That decision to put grab-and-go in a separate area was an early lesson the chain learned. "One of the things we learned a few years ago was that the closer we had the grab-and-go, visibility-wise, to the main entrance, the better we did," says Myrick. "At that point we separated grab-and-go from the line and started making it a stand-alone."
The grab-and-go operation doesn't have a significant impact on labor costs at Newk's. Anderson calls it "cost-neutral," because the grab-and-go counter can also handle call-in orders. "In some restaurants, it actually helps labor because we do so much [volume] out of those coolers," he explains.
Besides the product, the keys to the chain's success with grab-and-go are cleanliness and stocking. It's a simple process, according to Anderson. "Keep it full. Keep it clean. Guests will only give you one or two tries. If you don't have the product they're looking for, they won't give you another shot."
Grab-and-go now makes up about 6 percent of Newk's sales, Anderson says, and the chain hopes to grow that percentage in the future.
The Market at Beatrix: Making the Most of a Small Space
Just steps away from Chicago's busy North Michigan Avenue shopping area sits the massive campus of Northwestern
Memorial Hospital. The hospital's busy Galter Pavilion is home to a number of dining concepts, including Lettuce Entertain You Enterprises' upscale casual Beatrix restaurant. Connected to the restaurant is the Market at Beatrix,
a 1,200-square-foot operation featuring salads, snacks, sandwiches and yogurt packed to go.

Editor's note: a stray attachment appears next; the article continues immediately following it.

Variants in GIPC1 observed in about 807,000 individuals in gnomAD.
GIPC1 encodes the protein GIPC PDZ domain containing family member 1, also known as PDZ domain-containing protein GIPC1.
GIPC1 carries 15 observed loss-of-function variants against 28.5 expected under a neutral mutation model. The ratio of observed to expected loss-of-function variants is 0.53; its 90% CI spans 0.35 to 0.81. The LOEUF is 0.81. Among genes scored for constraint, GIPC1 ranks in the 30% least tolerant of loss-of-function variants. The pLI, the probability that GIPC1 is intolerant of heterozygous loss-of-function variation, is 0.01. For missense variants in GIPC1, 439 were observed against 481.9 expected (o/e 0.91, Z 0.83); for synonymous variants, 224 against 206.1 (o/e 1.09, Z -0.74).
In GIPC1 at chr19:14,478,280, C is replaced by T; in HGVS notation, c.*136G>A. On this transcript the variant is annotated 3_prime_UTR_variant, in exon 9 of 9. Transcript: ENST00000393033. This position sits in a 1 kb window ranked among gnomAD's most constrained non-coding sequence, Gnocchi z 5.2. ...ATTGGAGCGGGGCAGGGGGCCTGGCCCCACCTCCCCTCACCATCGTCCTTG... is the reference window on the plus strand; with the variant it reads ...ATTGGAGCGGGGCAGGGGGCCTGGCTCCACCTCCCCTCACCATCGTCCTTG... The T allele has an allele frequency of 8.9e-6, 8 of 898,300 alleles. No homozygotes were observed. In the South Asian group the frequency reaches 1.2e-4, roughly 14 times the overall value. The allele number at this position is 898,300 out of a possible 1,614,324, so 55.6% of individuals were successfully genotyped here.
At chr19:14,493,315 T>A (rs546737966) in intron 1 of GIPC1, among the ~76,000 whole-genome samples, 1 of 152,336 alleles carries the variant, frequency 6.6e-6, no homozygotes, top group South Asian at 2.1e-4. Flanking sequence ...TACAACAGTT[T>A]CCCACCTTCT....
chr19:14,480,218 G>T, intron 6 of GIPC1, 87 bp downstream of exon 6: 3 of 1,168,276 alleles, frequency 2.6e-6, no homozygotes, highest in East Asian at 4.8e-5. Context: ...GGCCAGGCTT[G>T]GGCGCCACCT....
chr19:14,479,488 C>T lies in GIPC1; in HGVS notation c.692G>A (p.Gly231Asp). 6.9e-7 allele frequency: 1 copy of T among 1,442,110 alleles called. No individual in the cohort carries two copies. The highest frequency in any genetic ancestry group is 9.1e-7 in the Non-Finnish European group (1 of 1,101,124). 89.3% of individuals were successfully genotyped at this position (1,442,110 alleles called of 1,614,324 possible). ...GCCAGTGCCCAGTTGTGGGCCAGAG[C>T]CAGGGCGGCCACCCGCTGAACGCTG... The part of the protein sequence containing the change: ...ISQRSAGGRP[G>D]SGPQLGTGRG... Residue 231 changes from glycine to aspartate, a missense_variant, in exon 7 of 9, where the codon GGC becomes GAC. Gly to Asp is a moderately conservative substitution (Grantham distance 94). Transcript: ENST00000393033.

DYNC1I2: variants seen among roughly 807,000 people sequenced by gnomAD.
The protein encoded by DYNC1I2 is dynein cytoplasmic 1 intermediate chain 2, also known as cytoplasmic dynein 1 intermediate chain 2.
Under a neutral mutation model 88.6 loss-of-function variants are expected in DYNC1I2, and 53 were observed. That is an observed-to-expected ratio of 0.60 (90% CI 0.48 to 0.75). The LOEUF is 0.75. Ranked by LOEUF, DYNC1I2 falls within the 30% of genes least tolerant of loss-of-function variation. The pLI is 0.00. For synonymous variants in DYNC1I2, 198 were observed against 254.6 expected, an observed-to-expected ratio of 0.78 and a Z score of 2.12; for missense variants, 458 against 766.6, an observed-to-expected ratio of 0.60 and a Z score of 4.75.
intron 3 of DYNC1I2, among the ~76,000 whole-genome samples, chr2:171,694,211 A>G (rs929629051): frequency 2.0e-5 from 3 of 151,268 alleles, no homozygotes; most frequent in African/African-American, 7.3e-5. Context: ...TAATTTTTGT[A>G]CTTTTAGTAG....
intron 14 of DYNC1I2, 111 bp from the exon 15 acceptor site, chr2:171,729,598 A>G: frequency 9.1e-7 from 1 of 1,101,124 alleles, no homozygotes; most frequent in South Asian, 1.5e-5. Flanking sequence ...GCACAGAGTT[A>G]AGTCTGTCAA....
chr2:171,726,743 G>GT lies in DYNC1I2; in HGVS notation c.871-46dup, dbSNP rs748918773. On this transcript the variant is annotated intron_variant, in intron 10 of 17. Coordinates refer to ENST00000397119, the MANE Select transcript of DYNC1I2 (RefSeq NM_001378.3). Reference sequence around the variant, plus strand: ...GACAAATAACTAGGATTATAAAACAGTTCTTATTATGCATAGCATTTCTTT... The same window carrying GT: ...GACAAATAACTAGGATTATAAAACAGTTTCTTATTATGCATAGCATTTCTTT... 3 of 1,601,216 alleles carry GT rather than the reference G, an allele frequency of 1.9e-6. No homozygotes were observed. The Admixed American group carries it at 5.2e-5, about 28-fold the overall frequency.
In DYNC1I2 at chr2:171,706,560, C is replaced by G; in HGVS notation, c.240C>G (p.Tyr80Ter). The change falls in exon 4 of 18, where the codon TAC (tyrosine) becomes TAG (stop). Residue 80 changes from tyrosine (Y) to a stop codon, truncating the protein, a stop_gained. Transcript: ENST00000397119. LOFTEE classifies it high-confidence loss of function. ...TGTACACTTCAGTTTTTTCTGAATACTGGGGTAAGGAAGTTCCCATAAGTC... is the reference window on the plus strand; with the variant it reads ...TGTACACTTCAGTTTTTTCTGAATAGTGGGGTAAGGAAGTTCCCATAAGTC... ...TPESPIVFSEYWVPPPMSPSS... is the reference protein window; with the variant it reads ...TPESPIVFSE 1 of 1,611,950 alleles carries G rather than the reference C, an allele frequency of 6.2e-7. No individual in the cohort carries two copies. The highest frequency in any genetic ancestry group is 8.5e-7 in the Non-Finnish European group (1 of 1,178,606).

The Market opened in October 2015, and even though it doesn't have a street entrance, it still serves approximately 500 customers daily, says Marc Jacobs, executive vice president and partner at Lettuce Entertain You Enterprises. About 40 percent of that customer base comes from outside the building, with the remainder made up of hospital staff and visitors.
At the Market at Beatrix, "the food is the star of the show," Jacobs says. "We worked on the layout of the space so that guests could see the options available to them without actually having to walk through." To display the food to its best advantage, the Beatrix team designed the food bars in-house. "We customized the bars from beginning to end," he says. "How the lights are, the size and shape of the vessels to serve the food, the height, the sneeze guards . . . everything about them is custom."
Working in a fairly tight space meant a lot of planning up front. The Market at Beatrix has the advantage of sharing most of its prep space with the main Beatrix restaurant. Even so, layout and design were major considerations. "We built the entire Market out of cardboard before we actually started building it," Jacobs says. "As an operator, it's hard sometimes to look at a piece of paper and say, 'That works.' It's a lot easier when you're walking through the space and you can get a sense for the energy of the space and how people navigate through it." In a perfect world, he would have another 6 or 12 inches in the aisles, but Jacobs says he enjoys "the hustle and bustle of the Market. It feels good when it's busy."
Capturing the Captive Noncommercial Customer
Grab-and-go in noncommercial segments is sometimes thought of just as campus C-stores or franchised sandwich shops in a healthcare operation. But grab-and-go can be an important facet of many noncommercial foodservice operations too.